It’s hard to fathom, but what it really boils down to is the fact that gamers may never really have grasped just how faithful an adaptation of the D&D ruleset we are looking at. It is totally accurate in every, single detail.

If you’re going to play on your own there is enough to keep you playing for days, take it online and you have a masterpiece that could last you a lifetime.

This game is terrific and engrossing.

4. Jade Empire

Jade Empire is a beautiful, resounding triumph, much like the strong, highly polished gemstone the game takes its name from.

A game of such rare emotion that we became attached to our characters to the point of missing them now it’s all over.

3. Dragon Age: Origins

For the true RPG gamer, this game is of a level that has never been seen before. It is the new benchmark. The story is rich and engaging, the characters are memorable, and the journey is one that pulls you in, captivates you and compels you to move forward toward the conclusion.

Overall Dragon Age: Origins is fantastic, and is a must play for any fan of the genre. Doubly so since it readily promotes multiple play throughs. It’s the player that controls the game more than the story , so everyone can look forward to spending endless hours in a wonderfully fleshed out fantasy realm.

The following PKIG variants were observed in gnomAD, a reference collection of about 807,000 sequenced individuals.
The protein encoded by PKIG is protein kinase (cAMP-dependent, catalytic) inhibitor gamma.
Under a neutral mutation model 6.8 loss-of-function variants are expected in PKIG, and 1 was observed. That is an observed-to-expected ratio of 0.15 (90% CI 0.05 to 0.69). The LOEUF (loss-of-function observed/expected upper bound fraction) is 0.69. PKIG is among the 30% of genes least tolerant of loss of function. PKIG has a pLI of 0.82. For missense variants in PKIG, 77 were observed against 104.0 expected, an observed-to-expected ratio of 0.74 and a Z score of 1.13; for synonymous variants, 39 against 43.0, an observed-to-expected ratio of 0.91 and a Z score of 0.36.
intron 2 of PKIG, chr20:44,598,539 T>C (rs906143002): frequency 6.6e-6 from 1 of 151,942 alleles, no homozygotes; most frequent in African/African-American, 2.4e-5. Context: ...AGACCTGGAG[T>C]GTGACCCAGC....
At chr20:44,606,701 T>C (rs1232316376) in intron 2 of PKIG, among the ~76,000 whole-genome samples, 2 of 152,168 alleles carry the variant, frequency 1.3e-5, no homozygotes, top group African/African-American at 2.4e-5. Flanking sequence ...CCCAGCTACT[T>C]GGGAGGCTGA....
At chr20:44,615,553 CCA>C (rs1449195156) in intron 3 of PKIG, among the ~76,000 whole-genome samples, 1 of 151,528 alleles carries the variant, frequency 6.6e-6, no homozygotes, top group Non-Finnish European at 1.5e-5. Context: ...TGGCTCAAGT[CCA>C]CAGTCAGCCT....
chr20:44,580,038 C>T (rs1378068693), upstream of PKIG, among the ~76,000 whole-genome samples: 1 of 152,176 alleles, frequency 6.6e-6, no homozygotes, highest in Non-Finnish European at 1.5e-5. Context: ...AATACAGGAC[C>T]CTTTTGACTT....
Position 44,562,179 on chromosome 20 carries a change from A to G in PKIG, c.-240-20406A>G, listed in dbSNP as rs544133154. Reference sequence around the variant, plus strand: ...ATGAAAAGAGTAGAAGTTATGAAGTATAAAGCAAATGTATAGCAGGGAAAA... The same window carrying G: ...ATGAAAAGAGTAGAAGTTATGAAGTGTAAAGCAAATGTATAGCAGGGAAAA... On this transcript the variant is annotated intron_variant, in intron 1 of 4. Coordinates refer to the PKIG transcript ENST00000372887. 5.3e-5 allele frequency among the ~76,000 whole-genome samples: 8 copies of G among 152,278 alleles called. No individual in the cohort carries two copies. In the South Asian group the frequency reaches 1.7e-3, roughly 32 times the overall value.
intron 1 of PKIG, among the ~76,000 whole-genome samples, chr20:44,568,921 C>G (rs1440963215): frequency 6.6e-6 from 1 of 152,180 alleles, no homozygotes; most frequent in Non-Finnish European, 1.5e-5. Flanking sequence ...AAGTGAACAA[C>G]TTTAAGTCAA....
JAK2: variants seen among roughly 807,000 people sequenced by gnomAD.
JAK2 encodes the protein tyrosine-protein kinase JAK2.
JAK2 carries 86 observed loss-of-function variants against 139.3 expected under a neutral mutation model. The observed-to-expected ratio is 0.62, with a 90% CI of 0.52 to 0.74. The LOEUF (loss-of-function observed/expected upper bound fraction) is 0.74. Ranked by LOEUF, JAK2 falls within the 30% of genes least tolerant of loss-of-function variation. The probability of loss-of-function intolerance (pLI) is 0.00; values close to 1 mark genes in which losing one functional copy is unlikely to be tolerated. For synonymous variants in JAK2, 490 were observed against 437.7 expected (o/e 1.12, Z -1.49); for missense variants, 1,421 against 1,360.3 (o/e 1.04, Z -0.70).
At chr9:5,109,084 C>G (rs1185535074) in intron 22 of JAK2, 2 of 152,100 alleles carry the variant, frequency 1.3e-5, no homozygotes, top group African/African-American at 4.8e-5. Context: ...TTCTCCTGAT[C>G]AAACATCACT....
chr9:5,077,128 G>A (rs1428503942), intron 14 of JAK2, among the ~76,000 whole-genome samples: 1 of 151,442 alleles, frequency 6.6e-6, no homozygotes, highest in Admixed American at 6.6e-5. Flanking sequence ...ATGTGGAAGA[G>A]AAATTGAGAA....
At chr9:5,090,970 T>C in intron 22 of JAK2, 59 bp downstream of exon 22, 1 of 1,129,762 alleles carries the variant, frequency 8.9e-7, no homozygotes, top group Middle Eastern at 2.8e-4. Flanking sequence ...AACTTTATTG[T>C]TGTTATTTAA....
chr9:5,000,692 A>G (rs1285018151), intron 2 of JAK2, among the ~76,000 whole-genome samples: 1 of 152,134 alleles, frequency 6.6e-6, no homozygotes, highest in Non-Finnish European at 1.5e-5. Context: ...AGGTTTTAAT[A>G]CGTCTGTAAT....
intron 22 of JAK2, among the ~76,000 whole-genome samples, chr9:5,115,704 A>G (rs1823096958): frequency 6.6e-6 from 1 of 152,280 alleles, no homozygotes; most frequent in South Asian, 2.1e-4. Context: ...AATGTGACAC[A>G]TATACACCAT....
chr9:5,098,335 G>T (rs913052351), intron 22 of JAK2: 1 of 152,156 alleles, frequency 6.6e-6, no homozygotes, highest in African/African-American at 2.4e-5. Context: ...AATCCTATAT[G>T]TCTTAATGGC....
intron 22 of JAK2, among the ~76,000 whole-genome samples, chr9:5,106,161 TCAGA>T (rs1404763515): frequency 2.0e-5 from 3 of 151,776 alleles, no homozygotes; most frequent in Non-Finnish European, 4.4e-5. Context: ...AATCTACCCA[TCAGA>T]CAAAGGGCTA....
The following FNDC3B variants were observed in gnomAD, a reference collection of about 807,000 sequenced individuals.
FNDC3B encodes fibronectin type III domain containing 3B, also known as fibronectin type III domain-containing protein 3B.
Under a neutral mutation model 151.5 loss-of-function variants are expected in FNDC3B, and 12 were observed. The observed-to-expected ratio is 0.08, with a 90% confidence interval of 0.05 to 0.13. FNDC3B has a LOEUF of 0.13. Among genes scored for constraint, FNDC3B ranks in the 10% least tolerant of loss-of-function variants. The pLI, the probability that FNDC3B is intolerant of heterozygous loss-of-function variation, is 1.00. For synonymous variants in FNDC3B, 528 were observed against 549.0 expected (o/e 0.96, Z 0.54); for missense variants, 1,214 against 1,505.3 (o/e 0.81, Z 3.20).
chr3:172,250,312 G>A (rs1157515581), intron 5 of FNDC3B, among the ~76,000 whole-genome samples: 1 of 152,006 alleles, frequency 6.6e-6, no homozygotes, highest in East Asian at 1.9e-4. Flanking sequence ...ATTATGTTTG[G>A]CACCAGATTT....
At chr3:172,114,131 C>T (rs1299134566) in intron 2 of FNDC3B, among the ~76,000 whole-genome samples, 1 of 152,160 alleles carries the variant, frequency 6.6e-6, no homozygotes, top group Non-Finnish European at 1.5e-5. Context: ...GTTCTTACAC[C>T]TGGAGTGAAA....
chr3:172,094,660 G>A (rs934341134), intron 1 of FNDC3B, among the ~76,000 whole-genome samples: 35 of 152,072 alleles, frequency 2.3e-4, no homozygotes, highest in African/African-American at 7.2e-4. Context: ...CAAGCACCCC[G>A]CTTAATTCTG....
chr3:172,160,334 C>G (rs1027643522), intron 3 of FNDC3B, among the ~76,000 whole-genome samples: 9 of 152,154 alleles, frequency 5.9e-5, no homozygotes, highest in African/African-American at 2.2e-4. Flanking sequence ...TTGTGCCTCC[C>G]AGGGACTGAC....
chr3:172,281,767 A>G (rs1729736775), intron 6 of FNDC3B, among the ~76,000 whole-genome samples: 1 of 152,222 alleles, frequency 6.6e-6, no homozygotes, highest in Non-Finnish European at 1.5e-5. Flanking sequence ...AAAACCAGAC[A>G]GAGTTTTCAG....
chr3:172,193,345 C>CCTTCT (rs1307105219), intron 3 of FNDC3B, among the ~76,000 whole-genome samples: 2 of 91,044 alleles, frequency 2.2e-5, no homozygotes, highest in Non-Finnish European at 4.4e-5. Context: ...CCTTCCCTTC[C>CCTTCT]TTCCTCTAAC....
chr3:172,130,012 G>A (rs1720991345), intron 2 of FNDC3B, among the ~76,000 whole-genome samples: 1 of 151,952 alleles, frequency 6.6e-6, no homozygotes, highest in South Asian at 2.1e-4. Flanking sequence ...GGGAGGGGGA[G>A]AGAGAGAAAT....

2. Mass Effect Trilogy

Mass Effect is a transcendent experience, the new standard-setter for what a game can be. You have to play it, and that’s why we’re kinda jealous of you. Even if you memorized all the previews and trailers, you’re not ready for how awesome this game is.

Mass Effect 2 stands represents near-perfection in the genre. How the story plays out is really up to you. Choices are presented throughout the game, both large and small, that completely change the future of the series. What you say to different people can effect how they treat you in the future, and which characters you side with will change the galaxy’s perception of your Shepard. It’s empowering to know how much of an influence you have over the events of a game, and made us feel much more connected to the story than we may otherwise have been. The improvements to the combat, the robust, interesting story, and the absurdly powerful ending made for one of the most memorable gaming experiences ever crafted.